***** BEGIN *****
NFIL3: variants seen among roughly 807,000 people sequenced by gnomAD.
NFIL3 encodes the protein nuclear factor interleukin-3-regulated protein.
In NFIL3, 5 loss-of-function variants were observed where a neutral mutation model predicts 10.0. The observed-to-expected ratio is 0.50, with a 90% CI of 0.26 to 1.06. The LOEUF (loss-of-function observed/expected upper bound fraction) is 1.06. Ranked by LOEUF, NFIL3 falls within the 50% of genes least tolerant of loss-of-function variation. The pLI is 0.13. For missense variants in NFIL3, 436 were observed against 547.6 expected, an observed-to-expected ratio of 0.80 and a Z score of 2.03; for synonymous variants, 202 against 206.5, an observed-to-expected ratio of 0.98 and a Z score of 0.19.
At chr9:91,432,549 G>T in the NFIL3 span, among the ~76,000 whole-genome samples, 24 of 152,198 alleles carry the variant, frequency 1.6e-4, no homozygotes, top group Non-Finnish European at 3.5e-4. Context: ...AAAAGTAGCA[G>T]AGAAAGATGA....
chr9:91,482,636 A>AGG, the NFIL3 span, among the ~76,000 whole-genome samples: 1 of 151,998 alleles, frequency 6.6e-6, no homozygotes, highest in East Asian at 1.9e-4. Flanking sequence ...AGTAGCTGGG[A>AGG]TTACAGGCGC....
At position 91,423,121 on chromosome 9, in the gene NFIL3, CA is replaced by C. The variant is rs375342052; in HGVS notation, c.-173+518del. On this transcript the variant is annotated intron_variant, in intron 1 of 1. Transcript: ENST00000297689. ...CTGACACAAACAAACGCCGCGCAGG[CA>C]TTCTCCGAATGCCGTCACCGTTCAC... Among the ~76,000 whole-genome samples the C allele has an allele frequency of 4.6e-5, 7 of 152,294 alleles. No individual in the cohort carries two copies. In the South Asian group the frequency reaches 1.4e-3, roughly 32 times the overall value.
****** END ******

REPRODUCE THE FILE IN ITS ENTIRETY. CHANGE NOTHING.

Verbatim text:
NFIL3: variants seen among roughly 807,000 people sequenced by gnomAD.
NFIL3 encodes the protein nuclear factor interleukin-3-regulated protein.
In NFIL3, 5 loss-of-function variants were observed where a neutral mutation model predicts 10.0. The observed-to-expected ratio is 0.50, with a 90% CI of 0.26 to 1.06. The LOEUF (loss-of-function observed/expected upper bound fraction) is 1.06. Ranked by LOEUF, NFIL3 falls within the 50% of genes least tolerant of loss-of-function variation. The pLI is 0.13. For missense variants in NFIL3, 436 were observed against 547.6 expected, an observed-to-expected ratio of 0.80 and a Z score of 2.03; for synonymous variants, 202 against 206.5, an observed-to-expected ratio of 0.98 and a Z score of 0.19.
At chr9:91,432,549 G>T in the NFIL3 span, among the ~76,000 whole-genome samples, 24 of 152,198 alleles carry the variant, frequency 1.6e-4, no homozygotes, top group Non-Finnish European at 3.5e-4. Context: ...AAAAGTAGCA[G>T]AGAAAGATGA....
chr9:91,482,636 A>AGG, the NFIL3 span, among the ~76,000 whole-genome samples: 1 of 151,998 alleles, frequency 6.6e-6, no homozygotes, highest in East Asian at 1.9e-4. Flanking sequence ...AGTAGCTGGG[A>AGG]TTACAGGCGC....
At position 91,423,121 on chromosome 9, in the gene NFIL3, CA is replaced by C. The variant is rs375342052; in HGVS notation, c.-173+518del. On this transcript the variant is annotated intron_variant, in intron 1 of 1. Transcript: ENST00000297689. ...CTGACACAAACAAACGCCGCGCAGG[CA>C]TTCTCCGAATGCCGTCACCGTTCAC... Among the ~76,000 whole-genome samples the C allele has an allele frequency of 4.6e-5, 7 of 152,294 alleles. No individual in the cohort carries two copies. In the South Asian group the frequency reaches 1.4e-3, roughly 32 times the overall value.